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Confined Red Blood Cells

Confined Red Blood Cells
Confined Red Blood Cells
Shape diagram of vesicles in confined flow25; Clustering of model cells in capillary flow27

Shapes of vesicles and RBCs in confined flow: A significant theoretical and experimental effort has been put on the understanding of the shapes of individual cells in microchannel flow, an essential ingredient of the rheology of confined blood and of the structuring of cell files, a route towards clustering. We have shown that surprising transitions from parachute to bullet shapes exist for vesicles, with counter-intuitive effects of an asymmetry of the channel’s cross section due to the coupling with surface flow patterns24. On the other hand, even in a symmetric flow, very deflated objects like RBCs adopt an asymmetric slipper shape, a previously unexplained phenomenon reported by Skalak (Science 1969). We have shown that the slipper shape is a robust feature resulting from the instability of the symmetric (parachute) shape25, highliting the fact that neither three dimensionality, nor confinement or cytoskeleton (present within RBCs) are necessary ingredients. Two outcomes of this study are: (i) the slipper moves faster than the parachute and (ii) the slipper is associated with membrane tanktreading (TT), which mixes the internal RBC solution thereby enhancing oxygen and ATP exchange.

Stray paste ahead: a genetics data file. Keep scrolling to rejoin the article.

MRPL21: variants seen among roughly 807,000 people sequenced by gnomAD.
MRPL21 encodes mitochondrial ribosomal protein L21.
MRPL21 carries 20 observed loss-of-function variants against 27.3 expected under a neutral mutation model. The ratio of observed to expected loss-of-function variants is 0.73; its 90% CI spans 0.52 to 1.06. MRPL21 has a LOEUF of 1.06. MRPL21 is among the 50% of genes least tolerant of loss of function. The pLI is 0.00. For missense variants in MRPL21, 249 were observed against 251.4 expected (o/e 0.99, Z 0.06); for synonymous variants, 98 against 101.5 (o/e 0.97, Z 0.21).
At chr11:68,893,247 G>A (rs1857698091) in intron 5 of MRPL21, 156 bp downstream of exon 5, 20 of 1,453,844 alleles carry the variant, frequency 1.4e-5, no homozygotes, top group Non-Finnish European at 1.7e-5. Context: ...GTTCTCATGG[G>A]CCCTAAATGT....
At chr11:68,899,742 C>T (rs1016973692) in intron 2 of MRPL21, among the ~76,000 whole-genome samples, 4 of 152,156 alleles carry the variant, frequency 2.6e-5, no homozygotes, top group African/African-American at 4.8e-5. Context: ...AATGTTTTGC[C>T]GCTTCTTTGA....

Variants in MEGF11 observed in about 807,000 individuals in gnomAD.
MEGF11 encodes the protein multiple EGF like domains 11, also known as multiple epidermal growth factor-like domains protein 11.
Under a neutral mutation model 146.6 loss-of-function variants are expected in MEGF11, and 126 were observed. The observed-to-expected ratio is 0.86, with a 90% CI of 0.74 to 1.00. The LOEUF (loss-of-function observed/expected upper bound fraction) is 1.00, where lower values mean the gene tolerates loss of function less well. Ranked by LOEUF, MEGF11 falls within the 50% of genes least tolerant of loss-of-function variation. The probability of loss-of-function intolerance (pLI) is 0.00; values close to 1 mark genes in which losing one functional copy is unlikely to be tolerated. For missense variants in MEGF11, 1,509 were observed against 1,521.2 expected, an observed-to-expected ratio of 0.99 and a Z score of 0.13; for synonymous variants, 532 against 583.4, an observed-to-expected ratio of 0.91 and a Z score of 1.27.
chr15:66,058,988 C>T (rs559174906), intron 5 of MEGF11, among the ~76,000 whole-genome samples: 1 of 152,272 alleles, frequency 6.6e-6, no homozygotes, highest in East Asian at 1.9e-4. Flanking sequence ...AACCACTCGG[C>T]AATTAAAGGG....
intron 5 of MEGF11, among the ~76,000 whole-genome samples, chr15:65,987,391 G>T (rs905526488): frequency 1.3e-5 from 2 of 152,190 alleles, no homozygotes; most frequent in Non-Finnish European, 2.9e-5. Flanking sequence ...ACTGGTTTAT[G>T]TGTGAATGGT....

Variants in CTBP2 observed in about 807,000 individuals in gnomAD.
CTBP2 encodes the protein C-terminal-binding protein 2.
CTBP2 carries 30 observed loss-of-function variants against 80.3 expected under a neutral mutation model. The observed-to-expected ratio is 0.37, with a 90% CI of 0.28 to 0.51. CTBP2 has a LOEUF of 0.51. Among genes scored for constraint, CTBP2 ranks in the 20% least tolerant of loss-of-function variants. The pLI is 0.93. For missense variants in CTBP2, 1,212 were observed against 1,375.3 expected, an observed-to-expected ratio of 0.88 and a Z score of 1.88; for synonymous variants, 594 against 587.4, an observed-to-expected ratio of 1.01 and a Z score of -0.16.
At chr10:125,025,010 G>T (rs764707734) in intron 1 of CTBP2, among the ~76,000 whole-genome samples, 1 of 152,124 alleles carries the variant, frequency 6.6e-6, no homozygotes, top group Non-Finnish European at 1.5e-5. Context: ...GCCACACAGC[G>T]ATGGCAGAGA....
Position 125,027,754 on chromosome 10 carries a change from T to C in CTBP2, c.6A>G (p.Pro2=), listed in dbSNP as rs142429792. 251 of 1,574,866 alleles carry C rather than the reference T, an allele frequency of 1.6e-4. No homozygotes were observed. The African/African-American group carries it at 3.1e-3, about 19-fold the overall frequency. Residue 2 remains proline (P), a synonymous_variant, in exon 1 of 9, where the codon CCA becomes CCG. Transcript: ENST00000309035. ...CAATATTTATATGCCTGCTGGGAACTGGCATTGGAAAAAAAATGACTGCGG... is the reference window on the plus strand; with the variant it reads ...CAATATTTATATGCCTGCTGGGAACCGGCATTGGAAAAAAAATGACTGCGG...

Clustering of red blood cells in capillary flow : The formation of clusters of red blood cells in flow, besides its influence on blood rheology through a modification of local viscous dissipation, and hematocrit homogeneity, may have an impact on pathological events such as thrombus formation, which can lead to occlusion of blood vessels, embolism and ischemia.

Acoustic manipulation of objects in microflows

Acoustic tweezers
Acoustic tweezers
Manipulation of microbubbles by acoustic tweezers

Suspended particles, cells, droplets or bubbles usually follow the flow in microfluidic conditions. Here we show how acoustic waves may create forces than can compete to drag so as to manipulate them individually. Acoustic waves do not only propagate through object bodies: they can also exert a radiation force on them, when the amplitude is high enough. We took advantage of this non- linear property to manipulate objects in microchannels. Any objects are potentially submitted to these acoustic forces. We could achieve the demonstration of fast "acoustic tweezers", by shaping the ultrasonic field and shifting its position in the xy plane. Red or white blood cells, droplets can be handled and moved around within micro-channels at frequencies larger than 30 Hz30. Bubbles can be pushed easily31 because of their resonance at a specific frequency.
At resonance, bubbles also emit a wave that exerts a (secondary) acoustic radiation force to other neighbour bubbles. We discovered that when the bubbles are confined in a microchannel, the waves propagate at the surface of channel walls, and this leads to a very strong interaction. Bubbles then self-organize in at a specific distance given by the wavelength. We observe patterns that we called "acoustic crystals", because these regular arrangements are solely mediated by an interaction force, of acoustic nature32. Note that the resonance of bubbles is at the origin of a large pulsation of their volume, helpful to design contrast agents that efficiently scatter back the ultrasonic emissions in ultrasound echography.